The bone marrow stimulant is being considered as a first-line combination therapy for severe aplastic anemia.
The US Food and Drug Administration (FDA) has given Breakthrough Therapy designation to a first-line therapy for severe aplastic anemia (SAA).
Novartis’ eltrombopag (Promacta), a bone marrow stimulant, was granted the designation as a combination therapy with standard immunosuppressive treatments for patients with SAA. The drug was previously approved by the FDA to treat adults and children with chronic immune thrombocytopenia (ITP), who are refractory to other treatments.
The FDA’s designation indicates eltrombopag as a treatment for a serious or life-threatening disease that demonstrates clinically substantial improvement over existing therapies.
SAA is a rare blood disorder that occurs when patients’ bone marrow does not produce enough red blood cells, white blood cells, and platelets. It can cause fatigue, trouble breathing, recurring infections, and abnormal bruising or bleeding in patients. Patients are currently limited in effective therapies — about one-third of patients do not respond to current therapies, or relapse.
Eltrombopag’s safety and efficacy as an addition to standard immunosuppressive therapy for SAA was tested in phase 1 and 2 clinical trials, sponsored by the National Heart, Lung and Blood Institute (NHLBI), a part of the National Institutes of Health (NIH).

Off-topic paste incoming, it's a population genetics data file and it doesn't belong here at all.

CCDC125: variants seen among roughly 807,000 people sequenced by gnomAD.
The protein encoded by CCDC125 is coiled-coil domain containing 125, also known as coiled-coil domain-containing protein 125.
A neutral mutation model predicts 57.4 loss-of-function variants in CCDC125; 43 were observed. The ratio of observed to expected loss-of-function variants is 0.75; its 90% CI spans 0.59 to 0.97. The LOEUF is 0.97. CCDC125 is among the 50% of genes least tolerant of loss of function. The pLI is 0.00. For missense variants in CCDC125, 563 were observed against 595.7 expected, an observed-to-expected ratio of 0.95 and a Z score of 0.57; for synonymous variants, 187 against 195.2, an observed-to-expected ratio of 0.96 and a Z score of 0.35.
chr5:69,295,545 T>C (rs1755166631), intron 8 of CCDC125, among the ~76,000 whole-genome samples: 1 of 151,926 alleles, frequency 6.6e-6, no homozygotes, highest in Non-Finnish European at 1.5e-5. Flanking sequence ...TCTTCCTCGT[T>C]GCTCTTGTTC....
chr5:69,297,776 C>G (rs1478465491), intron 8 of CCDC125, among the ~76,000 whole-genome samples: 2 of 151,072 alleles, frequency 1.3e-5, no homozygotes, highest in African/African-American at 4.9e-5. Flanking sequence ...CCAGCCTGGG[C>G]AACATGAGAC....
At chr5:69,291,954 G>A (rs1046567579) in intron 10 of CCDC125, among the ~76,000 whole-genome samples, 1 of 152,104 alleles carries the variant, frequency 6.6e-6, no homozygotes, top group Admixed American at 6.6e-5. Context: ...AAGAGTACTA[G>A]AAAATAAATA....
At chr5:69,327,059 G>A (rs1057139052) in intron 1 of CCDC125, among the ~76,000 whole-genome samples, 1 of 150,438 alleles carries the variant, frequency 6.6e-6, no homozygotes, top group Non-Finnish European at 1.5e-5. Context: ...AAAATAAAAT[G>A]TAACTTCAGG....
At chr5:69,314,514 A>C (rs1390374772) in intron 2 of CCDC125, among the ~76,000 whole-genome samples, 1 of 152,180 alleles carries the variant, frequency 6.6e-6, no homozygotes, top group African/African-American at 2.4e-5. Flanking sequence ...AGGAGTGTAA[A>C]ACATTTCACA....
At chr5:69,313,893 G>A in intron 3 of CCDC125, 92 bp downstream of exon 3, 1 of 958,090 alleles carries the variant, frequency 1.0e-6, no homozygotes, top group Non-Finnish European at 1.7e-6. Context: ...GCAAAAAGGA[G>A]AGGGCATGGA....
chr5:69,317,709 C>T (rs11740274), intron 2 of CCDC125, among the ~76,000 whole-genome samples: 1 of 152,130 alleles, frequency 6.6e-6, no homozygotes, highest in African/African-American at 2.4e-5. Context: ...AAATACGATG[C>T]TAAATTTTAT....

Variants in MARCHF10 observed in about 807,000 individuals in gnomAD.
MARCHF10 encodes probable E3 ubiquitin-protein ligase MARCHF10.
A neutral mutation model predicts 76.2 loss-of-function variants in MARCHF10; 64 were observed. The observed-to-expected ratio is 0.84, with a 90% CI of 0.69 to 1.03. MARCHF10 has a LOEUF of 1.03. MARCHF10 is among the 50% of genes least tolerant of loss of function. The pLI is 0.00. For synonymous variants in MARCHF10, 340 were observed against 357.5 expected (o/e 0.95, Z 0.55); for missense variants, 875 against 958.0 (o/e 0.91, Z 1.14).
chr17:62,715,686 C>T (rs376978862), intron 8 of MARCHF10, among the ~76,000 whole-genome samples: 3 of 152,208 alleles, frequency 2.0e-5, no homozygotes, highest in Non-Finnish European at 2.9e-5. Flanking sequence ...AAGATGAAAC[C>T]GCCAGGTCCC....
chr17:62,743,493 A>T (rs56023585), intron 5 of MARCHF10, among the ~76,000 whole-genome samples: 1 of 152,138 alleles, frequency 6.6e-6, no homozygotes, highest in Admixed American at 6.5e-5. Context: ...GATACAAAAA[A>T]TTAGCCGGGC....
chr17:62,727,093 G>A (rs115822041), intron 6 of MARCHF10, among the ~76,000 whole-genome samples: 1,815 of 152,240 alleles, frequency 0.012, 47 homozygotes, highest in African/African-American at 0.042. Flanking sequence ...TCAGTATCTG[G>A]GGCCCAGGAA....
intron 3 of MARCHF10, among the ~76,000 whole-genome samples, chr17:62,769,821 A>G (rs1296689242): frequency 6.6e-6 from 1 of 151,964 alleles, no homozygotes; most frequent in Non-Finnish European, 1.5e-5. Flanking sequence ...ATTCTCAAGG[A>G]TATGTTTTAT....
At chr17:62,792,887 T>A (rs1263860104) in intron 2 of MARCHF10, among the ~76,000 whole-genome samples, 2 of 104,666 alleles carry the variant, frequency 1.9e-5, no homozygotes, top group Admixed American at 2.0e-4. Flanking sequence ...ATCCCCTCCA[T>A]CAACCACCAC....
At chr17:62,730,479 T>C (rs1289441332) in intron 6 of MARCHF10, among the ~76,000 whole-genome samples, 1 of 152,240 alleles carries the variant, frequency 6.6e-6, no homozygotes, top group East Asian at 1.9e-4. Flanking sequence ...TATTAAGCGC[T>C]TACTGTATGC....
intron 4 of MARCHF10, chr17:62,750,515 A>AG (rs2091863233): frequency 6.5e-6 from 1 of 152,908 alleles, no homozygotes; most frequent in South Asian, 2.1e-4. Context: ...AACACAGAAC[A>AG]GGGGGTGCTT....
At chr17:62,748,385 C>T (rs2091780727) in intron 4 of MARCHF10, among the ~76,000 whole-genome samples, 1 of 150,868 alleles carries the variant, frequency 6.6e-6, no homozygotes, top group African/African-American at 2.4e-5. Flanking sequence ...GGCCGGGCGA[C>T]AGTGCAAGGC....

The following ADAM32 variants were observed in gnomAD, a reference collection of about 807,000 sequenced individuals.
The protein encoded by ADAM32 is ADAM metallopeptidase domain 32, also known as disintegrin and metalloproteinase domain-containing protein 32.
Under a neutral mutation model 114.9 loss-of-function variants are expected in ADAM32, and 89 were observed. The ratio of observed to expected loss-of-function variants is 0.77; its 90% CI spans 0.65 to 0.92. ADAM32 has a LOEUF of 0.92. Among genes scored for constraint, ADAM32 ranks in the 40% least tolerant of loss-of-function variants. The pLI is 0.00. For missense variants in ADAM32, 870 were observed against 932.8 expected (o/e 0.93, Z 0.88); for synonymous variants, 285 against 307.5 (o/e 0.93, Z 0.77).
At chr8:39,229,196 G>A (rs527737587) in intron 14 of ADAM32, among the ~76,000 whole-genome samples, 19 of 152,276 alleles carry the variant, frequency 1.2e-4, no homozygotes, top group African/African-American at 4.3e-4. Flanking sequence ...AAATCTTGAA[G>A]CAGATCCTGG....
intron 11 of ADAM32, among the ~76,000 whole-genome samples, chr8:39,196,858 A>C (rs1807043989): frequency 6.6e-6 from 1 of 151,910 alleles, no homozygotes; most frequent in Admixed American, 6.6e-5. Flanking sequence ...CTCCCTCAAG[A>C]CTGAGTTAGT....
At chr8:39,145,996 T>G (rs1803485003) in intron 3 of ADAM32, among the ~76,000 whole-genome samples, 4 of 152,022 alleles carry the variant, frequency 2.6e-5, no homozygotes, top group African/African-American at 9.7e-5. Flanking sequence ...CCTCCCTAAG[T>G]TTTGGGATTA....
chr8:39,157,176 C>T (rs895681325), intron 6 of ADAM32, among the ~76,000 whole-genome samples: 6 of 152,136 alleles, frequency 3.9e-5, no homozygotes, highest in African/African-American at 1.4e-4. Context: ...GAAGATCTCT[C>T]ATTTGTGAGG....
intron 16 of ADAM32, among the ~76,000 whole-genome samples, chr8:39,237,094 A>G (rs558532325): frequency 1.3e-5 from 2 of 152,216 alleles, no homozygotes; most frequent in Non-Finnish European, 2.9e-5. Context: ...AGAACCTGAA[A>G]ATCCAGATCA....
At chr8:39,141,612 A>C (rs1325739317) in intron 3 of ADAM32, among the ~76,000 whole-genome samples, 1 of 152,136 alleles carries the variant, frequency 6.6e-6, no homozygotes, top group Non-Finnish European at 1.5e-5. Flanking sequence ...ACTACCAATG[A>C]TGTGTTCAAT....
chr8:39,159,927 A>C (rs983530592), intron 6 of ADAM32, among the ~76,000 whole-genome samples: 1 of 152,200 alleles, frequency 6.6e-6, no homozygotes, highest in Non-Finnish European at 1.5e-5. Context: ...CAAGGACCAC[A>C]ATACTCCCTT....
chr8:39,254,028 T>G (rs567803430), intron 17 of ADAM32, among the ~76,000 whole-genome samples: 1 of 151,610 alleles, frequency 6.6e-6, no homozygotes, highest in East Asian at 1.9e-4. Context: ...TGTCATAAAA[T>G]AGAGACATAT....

In the trial, over half (52%) of patients with treatment-naïve SAA achieved complete response at 6 months when treated with eltrombopag at baseline and along with standard horse antithymocyte globulin (h-ATG) and cyclosporine (CsA) therapies. Overall response rate in patients was 85%.
The investigative therapy is designed to mimic the thrombopoietin protein, helping the body produce more platelets and improve poor cell counts. It is approved in more than 45 countries for treating patients with SAA, more than 100 countries for adult patients with chronic ITP, and more than 50 countries for the treatment of thrombocytopenia in patients with chronic hepatitis C.
Samit Hirawat, MD, head of Novartis Oncology Global Drug Development, said the company intends to continue working closely with the FDA to the make the treatment available to patients with SAA “as soon as possible.”
"Promacta is a promising medicine that, if approved for first-line use in severe aplastic anemia, may redefine the standard of care for patients with this rare and serious bone marrow condition," Hirawat said.
Novartis anticipates regulatory filings for first-line indications in both the US and European Union to come later in 2018.